The following diagram illustrates a sample configuration. The queue manager (MYQMGR) is running on Server1 and is managing the queue for each of the WebSphere MQ Clients (CLIENT1, CLIENT2, and CLIENT3). All three clients are communicating with the queue manager through the same server connection channel (SERVER.CHANNEL1). The object spawners on each of the clients can start one or more SAS sessions as needed in order to receive messages from the queue. SAS sessions can also be started by the object spawner and run on the server. A SAS session running on the server does not need to run as a WebSphere MQ Client application; it behaves as a WebSphere MQ server application.

Defining a Queue Manager for Multiple Clients

To configure the queue manager on the server:

  1. Define a queue manager if this has not already been done. In the following example, the queue manager is called MYQMGR.
       crtmqm MYQMGR

  2. Start the queue manager using the WebSphere MQ Explorer (Windows platforms). You can also use the following command on the command line:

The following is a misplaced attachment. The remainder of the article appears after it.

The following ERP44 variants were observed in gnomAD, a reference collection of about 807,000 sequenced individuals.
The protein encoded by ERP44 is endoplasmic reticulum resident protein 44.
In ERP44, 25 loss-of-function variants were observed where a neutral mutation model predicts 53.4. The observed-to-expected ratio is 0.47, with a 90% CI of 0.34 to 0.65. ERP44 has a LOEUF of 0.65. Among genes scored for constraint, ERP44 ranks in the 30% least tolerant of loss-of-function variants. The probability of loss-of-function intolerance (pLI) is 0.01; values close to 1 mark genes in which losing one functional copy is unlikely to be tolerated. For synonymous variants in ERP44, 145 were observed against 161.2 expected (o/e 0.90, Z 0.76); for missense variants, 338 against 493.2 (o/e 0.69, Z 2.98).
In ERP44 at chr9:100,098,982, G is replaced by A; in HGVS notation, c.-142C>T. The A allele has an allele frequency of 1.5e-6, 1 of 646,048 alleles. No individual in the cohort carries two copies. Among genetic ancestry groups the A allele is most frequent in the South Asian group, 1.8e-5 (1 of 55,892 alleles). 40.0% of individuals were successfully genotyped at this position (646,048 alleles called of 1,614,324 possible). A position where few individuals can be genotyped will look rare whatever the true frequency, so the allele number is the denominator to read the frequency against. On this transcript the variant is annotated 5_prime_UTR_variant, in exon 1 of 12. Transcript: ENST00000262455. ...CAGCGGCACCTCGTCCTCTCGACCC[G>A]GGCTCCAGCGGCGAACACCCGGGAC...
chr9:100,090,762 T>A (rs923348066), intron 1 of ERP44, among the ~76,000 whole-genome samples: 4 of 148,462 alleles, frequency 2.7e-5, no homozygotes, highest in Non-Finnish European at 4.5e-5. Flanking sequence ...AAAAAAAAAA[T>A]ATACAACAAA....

strmqm MYQMGR

  3. Define one or more local queues that will be used by the applications.

    • To define a local queue from the command line, start the WebSphere MQ command program MQSC. For example:
         runmqsc MYQMGR

      Type end to exit MQSC.

    • To define a local queue from the WebSphere MQ Explorer, click MYQMGR to expand the list. Right-click Queues, select New arrow Local Queue and enter the queue name and properties. For example:

      Create Local Queue window

  4. Define a server connection channel to enable WebSphere MQ Clients to communicate with MYQMGR. You can also define a separate server connection channel for each client.

    • To define a server connection channel from the command line, start the WebSphere MQ command program MQSC. For example:
         runmqsc MYQMGR
            TRPTYPE(TCP) + MCAUSER(' ') DESCR('Server 
      	  connection channel for Client1')

      Type end to exit MQSC.